Treaty Rock and the Coeur d’Alene Indians

Long before the European invasion of North America, the Coeur d’Alene, who call themselves Schitsu’umsh, occupied a territory that included parts of eastern Washington, northern Idaho, and western Montana.

According to their tribal history:

“We were lake and rivers people who had permanent encampments along these waterways but also followed the natural cycle of life. We followed this sacred cycle, not only for survival but, to live live harmoniously with nature and to respect the delicate balance between creation and our ceremonial and spiritual way of life.”

The water ways that sustained the people included Coeur d’Alene Lake, Spokane River, Coeur d’Alene River, and St. Joe River. These waterways formed an aboriginal super highway between the villages and their resource areas.

Things began to change when the fur traders of the Hudson’s Bay Company and the North West Company began to enter their territory at the beginning of the nineteenth century. The traders brought the people new goods. Then came the missionaries in the 1840s who sought to make the Indians into European Christians. The Catholic Jesuits establish a mission at Cataldo.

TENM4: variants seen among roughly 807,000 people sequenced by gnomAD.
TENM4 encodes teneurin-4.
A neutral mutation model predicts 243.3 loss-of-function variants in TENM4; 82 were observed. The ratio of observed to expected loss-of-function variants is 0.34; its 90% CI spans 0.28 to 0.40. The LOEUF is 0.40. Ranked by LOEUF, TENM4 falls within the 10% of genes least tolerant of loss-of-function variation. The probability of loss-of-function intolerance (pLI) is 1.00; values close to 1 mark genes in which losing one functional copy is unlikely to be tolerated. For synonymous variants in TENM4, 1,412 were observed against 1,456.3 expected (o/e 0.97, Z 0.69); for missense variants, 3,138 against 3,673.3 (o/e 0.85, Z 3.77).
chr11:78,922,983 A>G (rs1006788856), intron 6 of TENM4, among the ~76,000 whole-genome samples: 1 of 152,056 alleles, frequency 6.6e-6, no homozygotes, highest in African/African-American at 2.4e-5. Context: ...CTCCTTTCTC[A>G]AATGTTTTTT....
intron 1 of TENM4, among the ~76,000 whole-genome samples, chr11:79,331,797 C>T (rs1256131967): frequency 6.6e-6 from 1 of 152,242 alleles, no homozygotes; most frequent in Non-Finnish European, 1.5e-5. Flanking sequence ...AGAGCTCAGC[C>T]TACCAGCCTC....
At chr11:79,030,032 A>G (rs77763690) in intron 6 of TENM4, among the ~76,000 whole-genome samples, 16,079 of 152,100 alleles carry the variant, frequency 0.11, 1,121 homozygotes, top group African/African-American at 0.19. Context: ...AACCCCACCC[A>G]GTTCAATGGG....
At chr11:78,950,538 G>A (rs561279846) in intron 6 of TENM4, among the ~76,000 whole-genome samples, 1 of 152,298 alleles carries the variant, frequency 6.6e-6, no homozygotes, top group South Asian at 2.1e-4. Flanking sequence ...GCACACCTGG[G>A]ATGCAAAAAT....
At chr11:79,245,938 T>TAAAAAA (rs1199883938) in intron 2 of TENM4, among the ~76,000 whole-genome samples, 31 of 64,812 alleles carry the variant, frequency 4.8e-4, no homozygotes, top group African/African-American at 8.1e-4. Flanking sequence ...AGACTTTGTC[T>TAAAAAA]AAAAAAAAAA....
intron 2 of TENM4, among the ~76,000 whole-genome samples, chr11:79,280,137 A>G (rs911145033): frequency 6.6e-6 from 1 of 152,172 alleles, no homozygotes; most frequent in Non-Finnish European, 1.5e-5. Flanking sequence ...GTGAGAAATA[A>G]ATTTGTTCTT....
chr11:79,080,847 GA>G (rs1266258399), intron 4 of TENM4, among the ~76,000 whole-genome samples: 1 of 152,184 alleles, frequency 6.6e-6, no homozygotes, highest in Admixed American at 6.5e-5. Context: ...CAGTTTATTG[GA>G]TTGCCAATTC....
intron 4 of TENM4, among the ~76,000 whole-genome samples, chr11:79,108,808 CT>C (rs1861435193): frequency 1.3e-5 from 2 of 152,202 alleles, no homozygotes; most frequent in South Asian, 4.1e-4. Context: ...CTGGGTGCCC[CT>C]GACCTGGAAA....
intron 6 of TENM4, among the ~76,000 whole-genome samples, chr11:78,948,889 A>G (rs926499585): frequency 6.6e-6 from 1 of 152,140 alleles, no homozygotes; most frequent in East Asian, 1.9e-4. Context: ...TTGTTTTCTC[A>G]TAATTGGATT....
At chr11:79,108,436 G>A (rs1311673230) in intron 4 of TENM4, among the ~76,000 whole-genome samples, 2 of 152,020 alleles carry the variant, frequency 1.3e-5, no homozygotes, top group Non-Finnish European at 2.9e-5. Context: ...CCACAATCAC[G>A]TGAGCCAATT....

In 1859, the Coeur d’Alene signed a treaty with the United States at the Cataldo Mission. Two years later, the United States established a road across Coeur d’Alene territory to connect Fort Benton in Montana with Fort Walla Walla in Washington.

In 1871, German immigrant Frederick Post met with Coeur d’Alene Chief Moses Seltice to negotiate the rights to a parcel of land. Treaty Rock symbolizes the verbal agreement between these two men that allowed Post to use 200 acres of tribal land on the Spokane River to start a mill. There was no formal treaty signed at Treaty Rock nor was any money exchanged for the land. Oral tradition indicates that Post promised to provide the tribe with lumber, but there is no record of that agreement being kept.

Post carved his name and the date in the rock to acknowledge the agreement. There are also pictographs on the rock done in red ochre. According to the Coeur d’Alene tribal history:

“Treaty Rock, as it is known in written history, is a special place for both the Coeur d’Alene people and the residents of today. It represents a moment in time when great change occurred and affected both a growing nation and a people that had been on these lands for thousands of years.”